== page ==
Reverse Osmosis Water Filters Buyer's Guide
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  We review, analyze and compare the best water filters in the industry including reverse osmosis systems, faucet filters, water distillers, pitcher filters, whole house filters, water softeners, shower filters, bottled waters and more.

Reverse Osmosis Filters - Common Questions & Answers


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A few months back, we bought an RO-9100 R.O. system from Home Depot and installed it. Well, it seems that you get what you pay for, as after being connected for 2 days one of the factory-installed joints (between stages) broke loose overnight and proceeded to pour hundreds of gallons of water into our under-sink cabinet and consequently into our finished basement, causing over $2,000 in damage.

So I went through each joint, tightened them all, and put the unit back into service. A month went by, and a different joint failed while we were at work, again dumping lots of water into our basement. My analysis of the failed joint indicated that even though the fitting was tightened down securely, the tube was not held securely and blew out. It seems as if the joints and fittings are of really poor quality, and will never be up to the task they're required to do. Can you help ?

Robert Ross

Dear Robert: Instead of trying to fix every joint and tighten every fitting yourself, you're probably better off getting a new, better quality system. Because the problem is not that the fittings were not tightened enough; the problem is, as you said, that the parts are of very poor quality (can not seal completely, crack under pressure...). Since the system has broken twice already, I'd doubt the system's integrity and stability. If the system is overall poor quality, changing the parts will not solve the problem -- you're likely to get new leakage, blockage down the road, lots of hassle & costs. I say use it for as long as you can, if it breaks again, then do away with it and get a good quality system.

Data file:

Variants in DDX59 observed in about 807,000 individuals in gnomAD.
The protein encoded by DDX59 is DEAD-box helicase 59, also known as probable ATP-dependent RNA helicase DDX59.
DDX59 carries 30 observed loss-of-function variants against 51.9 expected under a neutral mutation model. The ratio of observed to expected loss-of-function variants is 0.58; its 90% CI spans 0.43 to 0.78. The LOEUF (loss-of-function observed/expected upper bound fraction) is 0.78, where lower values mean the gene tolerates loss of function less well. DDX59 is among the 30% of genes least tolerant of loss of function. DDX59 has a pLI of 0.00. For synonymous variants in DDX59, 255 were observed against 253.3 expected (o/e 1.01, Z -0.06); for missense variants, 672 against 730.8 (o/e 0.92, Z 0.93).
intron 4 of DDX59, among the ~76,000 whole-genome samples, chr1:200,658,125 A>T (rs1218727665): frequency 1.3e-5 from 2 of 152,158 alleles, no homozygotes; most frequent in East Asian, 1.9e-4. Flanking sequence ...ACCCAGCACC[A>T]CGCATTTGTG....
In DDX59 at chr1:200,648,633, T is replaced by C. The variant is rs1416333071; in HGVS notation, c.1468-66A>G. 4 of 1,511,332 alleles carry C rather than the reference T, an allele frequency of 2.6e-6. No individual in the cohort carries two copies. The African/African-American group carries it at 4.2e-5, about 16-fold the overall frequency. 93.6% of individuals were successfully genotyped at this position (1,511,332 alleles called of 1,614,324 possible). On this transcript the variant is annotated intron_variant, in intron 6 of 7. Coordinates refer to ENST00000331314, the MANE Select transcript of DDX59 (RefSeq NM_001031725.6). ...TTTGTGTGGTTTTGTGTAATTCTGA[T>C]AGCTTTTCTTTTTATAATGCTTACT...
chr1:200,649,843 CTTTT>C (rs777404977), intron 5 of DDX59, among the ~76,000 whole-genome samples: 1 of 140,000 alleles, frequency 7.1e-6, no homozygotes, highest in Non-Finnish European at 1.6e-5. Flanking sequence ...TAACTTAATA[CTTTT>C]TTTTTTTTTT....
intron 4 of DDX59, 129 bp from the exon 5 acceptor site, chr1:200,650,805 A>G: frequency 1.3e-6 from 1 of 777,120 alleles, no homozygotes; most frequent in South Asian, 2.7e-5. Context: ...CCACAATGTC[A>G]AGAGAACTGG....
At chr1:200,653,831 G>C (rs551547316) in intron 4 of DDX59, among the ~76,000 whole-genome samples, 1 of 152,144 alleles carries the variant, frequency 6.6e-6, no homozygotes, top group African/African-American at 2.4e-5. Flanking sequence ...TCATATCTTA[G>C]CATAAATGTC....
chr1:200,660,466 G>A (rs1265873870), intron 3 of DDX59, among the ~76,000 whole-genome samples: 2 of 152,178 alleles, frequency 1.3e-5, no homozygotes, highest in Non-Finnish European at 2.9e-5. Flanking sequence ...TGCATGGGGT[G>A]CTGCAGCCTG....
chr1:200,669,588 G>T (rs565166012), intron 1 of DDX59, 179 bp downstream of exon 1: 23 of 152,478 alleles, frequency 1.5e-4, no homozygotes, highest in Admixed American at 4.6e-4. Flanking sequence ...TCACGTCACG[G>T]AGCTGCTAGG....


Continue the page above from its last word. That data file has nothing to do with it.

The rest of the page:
Generally, we don't recommend buying RO systems from mass merchandisers (Home Depot, Costco) because the systems they carry usually are mass-assembled and imported. The materials used are often cheaper and the systems are not individually tested for leakage & pressure endurance. They'll work fine for a couple of years, then problems often surface afterwards. Good Luck!


I have bought a three stage R.O.. system from a different company. I live in Arizona, it is very hot in the summer. It's currently 110% outside. I installed the RO system in the garage. There is a water softener in front of the RO system. We notice a distinct Plastic smell and taste in our RO water. Please help with any suggestions you may have. I examined our system and have found that most parts on this system are made overseas. Do we need a different type of tubing or housings? Could the temperature in the Garage have damaged the RO membrane and/or made the charcoal filters less effective. This system was installed new.

Jerry Kopeman

Dear Jerry: The 3-stage reverse osmosis system is of an older technology. Their filtering ability is not as thorough as the new 5-stage systems. The membranes used on the 3-stage reverse osmosis systems are the CTA type, which give a contaminant rejection rate of about 80%, while the TFC type membranes used on 5-stage systems give 90%-98% rejection rate. CTA membranes also tend to break down when the input water's pH is either too high or too low. Because there are only 3 stages of filtration, each filter has to work harder, therefore they deplete a lot sooner than filters on a 5-stage system. So if your tap water's quality is bad & demands heavy filtration, then the prefilters & membrane on your 3-stage system will need frequent changing, or they may fail prematurely, causing the weird tastes in the water that you're experiencing.